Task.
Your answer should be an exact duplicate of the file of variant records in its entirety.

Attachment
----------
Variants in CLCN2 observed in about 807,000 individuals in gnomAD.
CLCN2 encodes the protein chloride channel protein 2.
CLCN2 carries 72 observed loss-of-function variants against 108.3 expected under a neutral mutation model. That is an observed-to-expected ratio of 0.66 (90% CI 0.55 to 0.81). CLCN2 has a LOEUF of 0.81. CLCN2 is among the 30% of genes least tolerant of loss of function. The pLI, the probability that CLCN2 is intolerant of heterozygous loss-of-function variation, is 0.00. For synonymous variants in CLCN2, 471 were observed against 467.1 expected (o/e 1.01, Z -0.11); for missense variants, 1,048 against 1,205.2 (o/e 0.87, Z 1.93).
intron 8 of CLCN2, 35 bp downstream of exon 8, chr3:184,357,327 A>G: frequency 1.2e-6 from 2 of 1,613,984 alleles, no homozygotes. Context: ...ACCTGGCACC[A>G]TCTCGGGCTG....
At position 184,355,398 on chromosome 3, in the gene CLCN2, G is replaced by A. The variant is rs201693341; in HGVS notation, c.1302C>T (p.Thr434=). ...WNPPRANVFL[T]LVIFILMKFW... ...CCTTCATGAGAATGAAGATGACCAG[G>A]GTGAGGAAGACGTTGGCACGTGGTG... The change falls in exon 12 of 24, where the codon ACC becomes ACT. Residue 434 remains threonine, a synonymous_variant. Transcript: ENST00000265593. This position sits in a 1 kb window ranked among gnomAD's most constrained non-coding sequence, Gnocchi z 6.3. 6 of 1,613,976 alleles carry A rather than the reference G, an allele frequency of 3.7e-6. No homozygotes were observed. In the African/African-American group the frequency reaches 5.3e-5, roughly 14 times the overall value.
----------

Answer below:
Variants in CLCN2 observed in about 807,000 individuals in gnomAD.
CLCN2 encodes the protein chloride channel protein 2.
CLCN2 carries 72 observed loss-of-function variants against 108.3 expected under a neutral mutation model. That is an observed-to-expected ratio of 0.66 (90% CI 0.55 to 0.81). CLCN2 has a LOEUF of 0.81. CLCN2 is among the 30% of genes least tolerant of loss of function. The pLI, the probability that CLCN2 is intolerant of heterozygous loss-of-function variation, is 0.00. For synonymous variants in CLCN2, 471 were observed against 467.1 expected (o/e 1.01, Z -0.11); for missense variants, 1,048 against 1,205.2 (o/e 0.87, Z 1.93).
intron 8 of CLCN2, 35 bp downstream of exon 8, chr3:184,357,327 A>G: frequency 1.2e-6 from 2 of 1,613,984 alleles, no homozygotes. Context: ...ACCTGGCACC[A>G]TCTCGGGCTG....
At position 184,355,398 on chromosome 3, in the gene CLCN2, G is replaced by A. The variant is rs201693341; in HGVS notation, c.1302C>T (p.Thr434=). ...WNPPRANVFL[T]LVIFILMKFW... ...CCTTCATGAGAATGAAGATGACCAG[G>A]GTGAGGAAGACGTTGGCACGTGGTG... The change falls in exon 12 of 24, where the codon ACC becomes ACT. Residue 434 remains threonine, a synonymous_variant. Transcript: ENST00000265593. This position sits in a 1 kb window ranked among gnomAD's most constrained non-coding sequence, Gnocchi z 6.3. 6 of 1,613,976 alleles carry A rather than the reference G, an allele frequency of 3.7e-6. No homozygotes were observed. In the African/African-American group the frequency reaches 5.3e-5, roughly 14 times the overall value.